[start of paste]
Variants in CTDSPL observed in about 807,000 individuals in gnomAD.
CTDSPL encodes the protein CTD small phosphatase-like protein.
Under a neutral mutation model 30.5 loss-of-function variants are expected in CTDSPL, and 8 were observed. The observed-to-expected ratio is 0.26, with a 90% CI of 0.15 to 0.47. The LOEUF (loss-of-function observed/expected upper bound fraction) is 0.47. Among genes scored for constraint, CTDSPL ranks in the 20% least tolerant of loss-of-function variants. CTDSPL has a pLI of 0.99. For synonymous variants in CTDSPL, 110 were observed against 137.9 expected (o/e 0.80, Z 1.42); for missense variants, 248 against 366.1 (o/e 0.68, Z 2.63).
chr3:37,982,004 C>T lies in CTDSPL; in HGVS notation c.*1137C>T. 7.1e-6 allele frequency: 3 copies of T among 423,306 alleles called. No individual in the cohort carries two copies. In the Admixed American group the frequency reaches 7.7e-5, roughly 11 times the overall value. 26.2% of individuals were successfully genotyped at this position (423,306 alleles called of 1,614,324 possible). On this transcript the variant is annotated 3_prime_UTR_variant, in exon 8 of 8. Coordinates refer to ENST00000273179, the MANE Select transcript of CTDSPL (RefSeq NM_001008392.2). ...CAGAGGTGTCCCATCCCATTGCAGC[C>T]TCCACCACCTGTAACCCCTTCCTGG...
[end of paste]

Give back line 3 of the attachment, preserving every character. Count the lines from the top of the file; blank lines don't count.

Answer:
Under a neutral mutation model 30.5 loss-of-function variants are expected in CTDSPL, and 8 were observed. The observed-to-expected ratio is 0.26, with a 90% CI of 0.15 to 0.47. The LOEUF (loss-of-function observed/expected upper bound fraction) is 0.47. Among genes scored for constraint, CTDSPL ranks in the 20% least tolerant of loss-of-function variants. CTDSPL has a pLI of 0.99. For synonymous variants in CTDSPL, 110 were observed against 137.9 expected (o/e 0.80, Z 1.42); for missense variants, 248 against 366.1 (o/e 0.68, Z 2.63).